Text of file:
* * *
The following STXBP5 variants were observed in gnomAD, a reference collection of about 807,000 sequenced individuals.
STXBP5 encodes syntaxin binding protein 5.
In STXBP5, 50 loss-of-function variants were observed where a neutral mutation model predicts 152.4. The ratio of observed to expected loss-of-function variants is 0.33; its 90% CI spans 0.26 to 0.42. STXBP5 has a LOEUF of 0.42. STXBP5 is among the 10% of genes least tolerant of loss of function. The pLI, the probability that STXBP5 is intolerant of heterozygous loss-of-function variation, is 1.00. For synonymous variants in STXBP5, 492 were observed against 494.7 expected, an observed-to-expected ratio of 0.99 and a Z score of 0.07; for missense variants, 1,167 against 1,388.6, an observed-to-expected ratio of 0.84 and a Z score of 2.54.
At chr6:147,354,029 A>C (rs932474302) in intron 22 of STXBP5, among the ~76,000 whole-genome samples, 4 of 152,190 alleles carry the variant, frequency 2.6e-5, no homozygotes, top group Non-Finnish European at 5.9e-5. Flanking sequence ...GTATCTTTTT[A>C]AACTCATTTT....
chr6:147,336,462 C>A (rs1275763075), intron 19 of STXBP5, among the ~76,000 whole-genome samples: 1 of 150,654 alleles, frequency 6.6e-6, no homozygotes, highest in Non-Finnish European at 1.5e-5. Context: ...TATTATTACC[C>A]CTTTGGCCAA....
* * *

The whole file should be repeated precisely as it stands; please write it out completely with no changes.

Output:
The following STXBP5 variants were observed in gnomAD, a reference collection of about 807,000 sequenced individuals.
STXBP5 encodes syntaxin binding protein 5.
In STXBP5, 50 loss-of-function variants were observed where a neutral mutation model predicts 152.4. The ratio of observed to expected loss-of-function variants is 0.33; its 90% CI spans 0.26 to 0.42. STXBP5 has a LOEUF of 0.42. STXBP5 is among the 10% of genes least tolerant of loss of function. The pLI, the probability that STXBP5 is intolerant of heterozygous loss-of-function variation, is 1.00. For synonymous variants in STXBP5, 492 were observed against 494.7 expected, an observed-to-expected ratio of 0.99 and a Z score of 0.07; for missense variants, 1,167 against 1,388.6, an observed-to-expected ratio of 0.84 and a Z score of 2.54.
At chr6:147,354,029 A>C (rs932474302) in intron 22 of STXBP5, among the ~76,000 whole-genome samples, 4 of 152,190 alleles carry the variant, frequency 2.6e-5, no homozygotes, top group Non-Finnish European at 5.9e-5. Flanking sequence ...GTATCTTTTT[A>C]AACTCATTTT....
chr6:147,336,462 C>A (rs1275763075), intron 19 of STXBP5, among the ~76,000 whole-genome samples: 1 of 150,654 alleles, frequency 6.6e-6, no homozygotes, highest in Non-Finnish European at 1.5e-5. Context: ...TATTATTACC[C>A]CTTTGGCCAA....